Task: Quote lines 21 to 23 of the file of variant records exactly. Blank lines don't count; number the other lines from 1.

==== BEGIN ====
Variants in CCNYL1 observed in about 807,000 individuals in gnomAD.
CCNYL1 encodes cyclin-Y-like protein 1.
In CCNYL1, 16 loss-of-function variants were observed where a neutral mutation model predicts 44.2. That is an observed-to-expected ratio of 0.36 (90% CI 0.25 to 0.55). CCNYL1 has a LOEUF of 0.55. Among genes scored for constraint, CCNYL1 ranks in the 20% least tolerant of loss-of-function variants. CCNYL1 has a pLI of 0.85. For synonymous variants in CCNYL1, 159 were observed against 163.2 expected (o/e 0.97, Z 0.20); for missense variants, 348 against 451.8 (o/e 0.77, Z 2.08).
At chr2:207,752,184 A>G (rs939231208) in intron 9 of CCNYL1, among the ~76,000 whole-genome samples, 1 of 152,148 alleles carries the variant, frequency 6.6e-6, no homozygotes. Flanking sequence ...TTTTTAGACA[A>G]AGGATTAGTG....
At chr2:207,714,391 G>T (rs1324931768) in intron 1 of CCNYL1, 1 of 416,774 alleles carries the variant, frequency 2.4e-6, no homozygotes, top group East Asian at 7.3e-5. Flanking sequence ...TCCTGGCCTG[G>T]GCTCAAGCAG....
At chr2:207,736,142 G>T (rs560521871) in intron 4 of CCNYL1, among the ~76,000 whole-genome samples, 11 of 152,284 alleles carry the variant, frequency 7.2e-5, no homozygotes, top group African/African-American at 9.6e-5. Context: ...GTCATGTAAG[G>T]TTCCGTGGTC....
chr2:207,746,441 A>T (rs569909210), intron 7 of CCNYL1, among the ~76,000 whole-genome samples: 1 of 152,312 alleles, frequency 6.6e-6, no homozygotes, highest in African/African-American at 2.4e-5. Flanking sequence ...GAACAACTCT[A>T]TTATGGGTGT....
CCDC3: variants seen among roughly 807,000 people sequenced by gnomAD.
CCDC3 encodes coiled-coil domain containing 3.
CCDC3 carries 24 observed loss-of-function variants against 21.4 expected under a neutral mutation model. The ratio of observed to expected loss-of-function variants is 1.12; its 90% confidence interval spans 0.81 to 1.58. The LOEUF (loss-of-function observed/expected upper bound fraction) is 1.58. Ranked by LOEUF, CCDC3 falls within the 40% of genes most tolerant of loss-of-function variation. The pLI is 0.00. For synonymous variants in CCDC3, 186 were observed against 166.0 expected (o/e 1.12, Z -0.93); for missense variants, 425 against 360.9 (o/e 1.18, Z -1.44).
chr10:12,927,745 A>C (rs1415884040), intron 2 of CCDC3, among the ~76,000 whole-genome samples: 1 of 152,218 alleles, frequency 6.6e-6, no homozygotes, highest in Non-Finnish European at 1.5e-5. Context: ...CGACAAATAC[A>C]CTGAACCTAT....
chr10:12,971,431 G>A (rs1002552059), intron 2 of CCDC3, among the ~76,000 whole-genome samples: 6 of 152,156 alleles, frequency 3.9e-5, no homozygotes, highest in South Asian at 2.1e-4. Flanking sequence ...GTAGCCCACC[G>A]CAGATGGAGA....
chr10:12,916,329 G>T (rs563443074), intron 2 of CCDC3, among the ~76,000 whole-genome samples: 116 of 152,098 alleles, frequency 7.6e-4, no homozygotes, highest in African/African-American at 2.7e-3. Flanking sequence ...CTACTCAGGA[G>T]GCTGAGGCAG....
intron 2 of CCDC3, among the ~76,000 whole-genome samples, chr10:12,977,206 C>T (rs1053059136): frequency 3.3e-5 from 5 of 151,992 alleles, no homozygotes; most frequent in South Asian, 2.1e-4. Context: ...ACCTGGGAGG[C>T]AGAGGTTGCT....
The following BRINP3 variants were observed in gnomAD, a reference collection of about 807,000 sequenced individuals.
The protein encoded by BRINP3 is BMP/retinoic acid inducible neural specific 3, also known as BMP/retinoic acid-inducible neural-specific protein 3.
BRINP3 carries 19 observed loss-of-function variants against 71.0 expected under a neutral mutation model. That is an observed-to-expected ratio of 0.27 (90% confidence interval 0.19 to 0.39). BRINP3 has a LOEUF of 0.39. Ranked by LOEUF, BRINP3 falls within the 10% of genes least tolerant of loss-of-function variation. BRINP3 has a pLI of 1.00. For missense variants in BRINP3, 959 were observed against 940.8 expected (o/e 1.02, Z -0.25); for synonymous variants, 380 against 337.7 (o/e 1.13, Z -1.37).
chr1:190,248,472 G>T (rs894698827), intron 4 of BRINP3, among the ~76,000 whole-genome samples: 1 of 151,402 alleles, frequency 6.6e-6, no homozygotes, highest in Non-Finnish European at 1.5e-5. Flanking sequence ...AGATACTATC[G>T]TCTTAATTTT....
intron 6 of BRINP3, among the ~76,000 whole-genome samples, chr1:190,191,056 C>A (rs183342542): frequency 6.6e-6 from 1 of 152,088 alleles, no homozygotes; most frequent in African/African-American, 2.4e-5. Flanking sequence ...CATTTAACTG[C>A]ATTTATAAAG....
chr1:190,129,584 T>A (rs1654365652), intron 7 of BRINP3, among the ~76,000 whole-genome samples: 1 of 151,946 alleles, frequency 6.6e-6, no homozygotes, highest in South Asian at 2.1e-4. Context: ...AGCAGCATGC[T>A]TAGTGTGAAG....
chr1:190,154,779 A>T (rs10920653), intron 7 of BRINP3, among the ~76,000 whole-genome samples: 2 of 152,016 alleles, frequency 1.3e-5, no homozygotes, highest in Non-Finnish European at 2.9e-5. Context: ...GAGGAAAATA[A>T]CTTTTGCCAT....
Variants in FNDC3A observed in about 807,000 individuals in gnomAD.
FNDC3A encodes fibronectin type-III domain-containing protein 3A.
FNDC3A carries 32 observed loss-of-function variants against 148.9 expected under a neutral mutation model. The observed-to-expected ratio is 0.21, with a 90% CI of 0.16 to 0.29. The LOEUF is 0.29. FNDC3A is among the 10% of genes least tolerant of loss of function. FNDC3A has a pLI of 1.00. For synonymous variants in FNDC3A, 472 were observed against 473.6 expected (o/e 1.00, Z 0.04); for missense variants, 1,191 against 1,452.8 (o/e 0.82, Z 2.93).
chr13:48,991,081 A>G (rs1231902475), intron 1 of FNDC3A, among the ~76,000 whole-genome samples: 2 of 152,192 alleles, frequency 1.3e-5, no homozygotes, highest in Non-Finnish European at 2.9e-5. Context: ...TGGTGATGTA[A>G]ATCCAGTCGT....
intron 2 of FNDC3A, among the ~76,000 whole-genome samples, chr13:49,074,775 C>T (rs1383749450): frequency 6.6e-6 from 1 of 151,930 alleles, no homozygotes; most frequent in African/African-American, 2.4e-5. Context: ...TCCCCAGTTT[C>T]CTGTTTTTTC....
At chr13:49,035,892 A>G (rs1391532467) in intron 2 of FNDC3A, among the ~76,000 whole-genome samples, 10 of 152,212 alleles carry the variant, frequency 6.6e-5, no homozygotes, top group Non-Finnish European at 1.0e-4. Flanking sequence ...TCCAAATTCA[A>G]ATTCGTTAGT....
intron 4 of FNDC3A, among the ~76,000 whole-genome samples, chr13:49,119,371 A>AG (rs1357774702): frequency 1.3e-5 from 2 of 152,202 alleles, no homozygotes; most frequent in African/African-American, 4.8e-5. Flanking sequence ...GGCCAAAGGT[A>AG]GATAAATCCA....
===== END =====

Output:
chr1:190,154,779 A>T (rs10920653), intron 7 of BRINP3, among the ~76,000 whole-genome samples: 2 of 152,016 alleles, frequency 1.3e-5, no homozygotes, highest in Non-Finnish European at 2.9e-5. Context: ...GAGGAAAATA[A>T]CTTTTGCCAT....
Variants in FNDC3A observed in about 807,000 individuals in gnomAD.
FNDC3A encodes fibronectin type-III domain-containing protein 3A.